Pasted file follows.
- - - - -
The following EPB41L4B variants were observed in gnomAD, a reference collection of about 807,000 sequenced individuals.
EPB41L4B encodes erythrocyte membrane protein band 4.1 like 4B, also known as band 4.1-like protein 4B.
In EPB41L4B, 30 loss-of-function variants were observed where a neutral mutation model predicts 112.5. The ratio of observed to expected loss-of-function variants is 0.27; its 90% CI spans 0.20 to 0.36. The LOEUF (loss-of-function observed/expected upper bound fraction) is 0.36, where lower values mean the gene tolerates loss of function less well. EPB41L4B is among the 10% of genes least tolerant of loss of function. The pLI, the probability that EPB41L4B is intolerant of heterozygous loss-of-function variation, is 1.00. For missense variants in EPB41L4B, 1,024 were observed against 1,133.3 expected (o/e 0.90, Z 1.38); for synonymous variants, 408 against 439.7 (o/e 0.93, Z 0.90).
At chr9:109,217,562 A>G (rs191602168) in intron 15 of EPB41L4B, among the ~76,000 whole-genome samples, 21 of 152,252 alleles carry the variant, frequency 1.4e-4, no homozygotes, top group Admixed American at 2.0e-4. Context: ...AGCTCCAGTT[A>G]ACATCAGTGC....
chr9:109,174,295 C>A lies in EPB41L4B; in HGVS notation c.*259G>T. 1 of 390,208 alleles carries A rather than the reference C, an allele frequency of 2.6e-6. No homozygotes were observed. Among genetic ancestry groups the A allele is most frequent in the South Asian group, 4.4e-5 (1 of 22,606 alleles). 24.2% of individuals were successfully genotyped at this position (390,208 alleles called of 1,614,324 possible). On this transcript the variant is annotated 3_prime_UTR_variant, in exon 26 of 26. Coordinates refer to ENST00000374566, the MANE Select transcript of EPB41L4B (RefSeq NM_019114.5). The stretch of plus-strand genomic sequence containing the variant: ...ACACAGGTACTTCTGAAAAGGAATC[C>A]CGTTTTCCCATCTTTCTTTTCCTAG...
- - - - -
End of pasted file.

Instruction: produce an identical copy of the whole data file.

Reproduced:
The following EPB41L4B variants were observed in gnomAD, a reference collection of about 807,000 sequenced individuals.
EPB41L4B encodes erythrocyte membrane protein band 4.1 like 4B, also known as band 4.1-like protein 4B.
In EPB41L4B, 30 loss-of-function variants were observed where a neutral mutation model predicts 112.5. The ratio of observed to expected loss-of-function variants is 0.27; its 90% CI spans 0.20 to 0.36. The LOEUF (loss-of-function observed/expected upper bound fraction) is 0.36, where lower values mean the gene tolerates loss of function less well. EPB41L4B is among the 10% of genes least tolerant of loss of function. The pLI, the probability that EPB41L4B is intolerant of heterozygous loss-of-function variation, is 1.00. For missense variants in EPB41L4B, 1,024 were observed against 1,133.3 expected (o/e 0.90, Z 1.38); for synonymous variants, 408 against 439.7 (o/e 0.93, Z 0.90).
At chr9:109,217,562 A>G (rs191602168) in intron 15 of EPB41L4B, among the ~76,000 whole-genome samples, 21 of 152,252 alleles carry the variant, frequency 1.4e-4, no homozygotes, top group Admixed American at 2.0e-4. Context: ...AGCTCCAGTT[A>G]ACATCAGTGC....
chr9:109,174,295 C>A lies in EPB41L4B; in HGVS notation c.*259G>T. 1 of 390,208 alleles carries A rather than the reference C, an allele frequency of 2.6e-6. No homozygotes were observed. Among genetic ancestry groups the A allele is most frequent in the South Asian group, 4.4e-5 (1 of 22,606 alleles). 24.2% of individuals were successfully genotyped at this position (390,208 alleles called of 1,614,324 possible). On this transcript the variant is annotated 3_prime_UTR_variant, in exon 26 of 26. Coordinates refer to ENST00000374566, the MANE Select transcript of EPB41L4B (RefSeq NM_019114.5). The stretch of plus-strand genomic sequence containing the variant: ...ACACAGGTACTTCTGAAAAGGAATC[C>A]CGTTTTCCCATCTTTCTTTTCCTAG...